San Bernardino, Calif., Roseburg, Ore., Colorado Springs, Colo., Chattanooga, Tenn., Charleston, S.C., Lafayette, La. — events in small towns and big cities alike have seared the public’s minds with unforgettable images of violence. We watched this year with horror and indignation at those images, but we also watched with pride at medical staff providing emergency care … at how the women and men of America’s hospitals responded selflessly — as they always do — in caring for patients under the most challenging conditions.

America’s hospitals work every day to keep our nation safe. We prepare for the expected and the unthinkable. Unfortunately, as one hospital leader who was on the front lines of care in the most recent incident shared with me last week, hospitals and health systems now are facing a “new normal” for necessary readiness, as well as maintaining a safe environment for staff, patients and their families. 

No one wants this new reality, but we will not refrain from tackling these new challenges head on. Some of these unfortunate events have put a greater focus on the need for better access to appropriate behavioral health care services, which hospitals are keenly aware of. We agree with those who have called for a renewed effort on enhancing needed behavioral health screenings and funding. Hospitals work with a wide range of community stakeholders, including social services agencies, public health departments, religious groups, educational organizations and law enforcement agencies to collaboratively foster healthy behaviors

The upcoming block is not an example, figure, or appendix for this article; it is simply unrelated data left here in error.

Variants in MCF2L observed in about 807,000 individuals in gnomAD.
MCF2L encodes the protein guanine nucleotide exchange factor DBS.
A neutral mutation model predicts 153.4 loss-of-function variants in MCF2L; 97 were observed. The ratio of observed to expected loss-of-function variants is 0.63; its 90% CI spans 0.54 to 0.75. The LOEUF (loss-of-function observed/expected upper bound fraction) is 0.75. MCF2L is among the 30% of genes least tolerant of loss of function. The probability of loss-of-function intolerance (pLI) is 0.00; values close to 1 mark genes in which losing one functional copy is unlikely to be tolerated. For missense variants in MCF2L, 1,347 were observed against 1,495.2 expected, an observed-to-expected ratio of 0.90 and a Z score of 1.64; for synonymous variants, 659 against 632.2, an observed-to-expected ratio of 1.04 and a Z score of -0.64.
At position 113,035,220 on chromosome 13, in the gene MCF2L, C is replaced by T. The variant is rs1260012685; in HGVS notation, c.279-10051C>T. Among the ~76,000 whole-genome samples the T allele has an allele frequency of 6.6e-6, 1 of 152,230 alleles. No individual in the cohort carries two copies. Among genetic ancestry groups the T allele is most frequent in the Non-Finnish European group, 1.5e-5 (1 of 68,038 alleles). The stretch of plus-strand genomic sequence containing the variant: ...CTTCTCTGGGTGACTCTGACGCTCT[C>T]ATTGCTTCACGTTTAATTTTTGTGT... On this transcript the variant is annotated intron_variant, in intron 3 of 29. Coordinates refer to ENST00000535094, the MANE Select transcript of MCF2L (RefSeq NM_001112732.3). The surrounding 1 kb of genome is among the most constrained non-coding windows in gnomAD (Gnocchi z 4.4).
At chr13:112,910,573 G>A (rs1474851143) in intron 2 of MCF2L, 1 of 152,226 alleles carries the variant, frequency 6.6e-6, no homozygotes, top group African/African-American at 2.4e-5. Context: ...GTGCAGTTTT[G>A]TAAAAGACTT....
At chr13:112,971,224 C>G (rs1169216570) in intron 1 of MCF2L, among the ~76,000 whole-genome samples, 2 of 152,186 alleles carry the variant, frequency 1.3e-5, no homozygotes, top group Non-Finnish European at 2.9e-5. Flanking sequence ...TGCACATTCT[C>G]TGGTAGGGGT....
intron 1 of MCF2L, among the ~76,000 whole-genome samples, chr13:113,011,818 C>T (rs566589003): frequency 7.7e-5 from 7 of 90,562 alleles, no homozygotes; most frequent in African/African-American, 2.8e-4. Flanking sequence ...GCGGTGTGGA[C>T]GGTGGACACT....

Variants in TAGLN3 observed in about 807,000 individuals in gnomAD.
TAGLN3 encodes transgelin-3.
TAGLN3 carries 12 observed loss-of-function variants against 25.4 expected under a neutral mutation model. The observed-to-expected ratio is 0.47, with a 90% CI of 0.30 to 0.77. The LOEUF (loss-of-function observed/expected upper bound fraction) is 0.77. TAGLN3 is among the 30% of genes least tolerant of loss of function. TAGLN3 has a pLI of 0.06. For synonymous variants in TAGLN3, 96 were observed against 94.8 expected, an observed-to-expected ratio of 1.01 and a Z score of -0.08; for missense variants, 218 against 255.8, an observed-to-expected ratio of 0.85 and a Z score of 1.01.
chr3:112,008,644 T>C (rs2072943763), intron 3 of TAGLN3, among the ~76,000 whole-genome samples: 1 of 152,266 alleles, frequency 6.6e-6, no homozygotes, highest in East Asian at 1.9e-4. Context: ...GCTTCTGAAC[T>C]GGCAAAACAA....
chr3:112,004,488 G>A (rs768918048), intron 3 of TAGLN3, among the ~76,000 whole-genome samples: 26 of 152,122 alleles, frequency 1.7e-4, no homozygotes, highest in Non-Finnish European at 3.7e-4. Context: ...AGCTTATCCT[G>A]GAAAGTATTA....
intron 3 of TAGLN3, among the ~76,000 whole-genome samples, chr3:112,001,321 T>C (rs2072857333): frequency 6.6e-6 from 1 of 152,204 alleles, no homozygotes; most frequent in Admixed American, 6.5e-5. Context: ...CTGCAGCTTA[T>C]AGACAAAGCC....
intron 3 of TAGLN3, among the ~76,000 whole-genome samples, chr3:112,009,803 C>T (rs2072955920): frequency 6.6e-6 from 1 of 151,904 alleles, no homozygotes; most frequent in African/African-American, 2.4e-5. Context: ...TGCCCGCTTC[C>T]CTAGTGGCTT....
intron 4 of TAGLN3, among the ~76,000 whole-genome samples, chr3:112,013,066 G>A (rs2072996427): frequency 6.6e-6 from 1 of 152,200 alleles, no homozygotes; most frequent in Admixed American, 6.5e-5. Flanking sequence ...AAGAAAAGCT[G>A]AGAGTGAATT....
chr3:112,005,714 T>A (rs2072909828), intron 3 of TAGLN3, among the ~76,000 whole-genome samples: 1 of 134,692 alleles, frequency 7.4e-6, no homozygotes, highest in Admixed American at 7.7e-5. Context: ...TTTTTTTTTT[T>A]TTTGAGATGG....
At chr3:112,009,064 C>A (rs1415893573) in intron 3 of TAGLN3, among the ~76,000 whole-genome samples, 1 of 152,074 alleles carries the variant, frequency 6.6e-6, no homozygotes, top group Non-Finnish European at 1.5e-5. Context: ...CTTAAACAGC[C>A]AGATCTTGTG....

Today’s new realities may require hospitals to redouble our efforts to be prepared. Whether that is working with community partners to offer youth and domestic abuse counseling programs and better behavioral health care services in a variety of settings and through a variety of channels – from emergency medical or mental health services, treatment and counseling programs to staffing 24-hour crisis lines — or reviewing the notice from the departments of Homeland Security and Health and Human Services to help recognize and report potential suspicious activity and strengthen response plans, America’s hospitals will be there, ready to care. Always.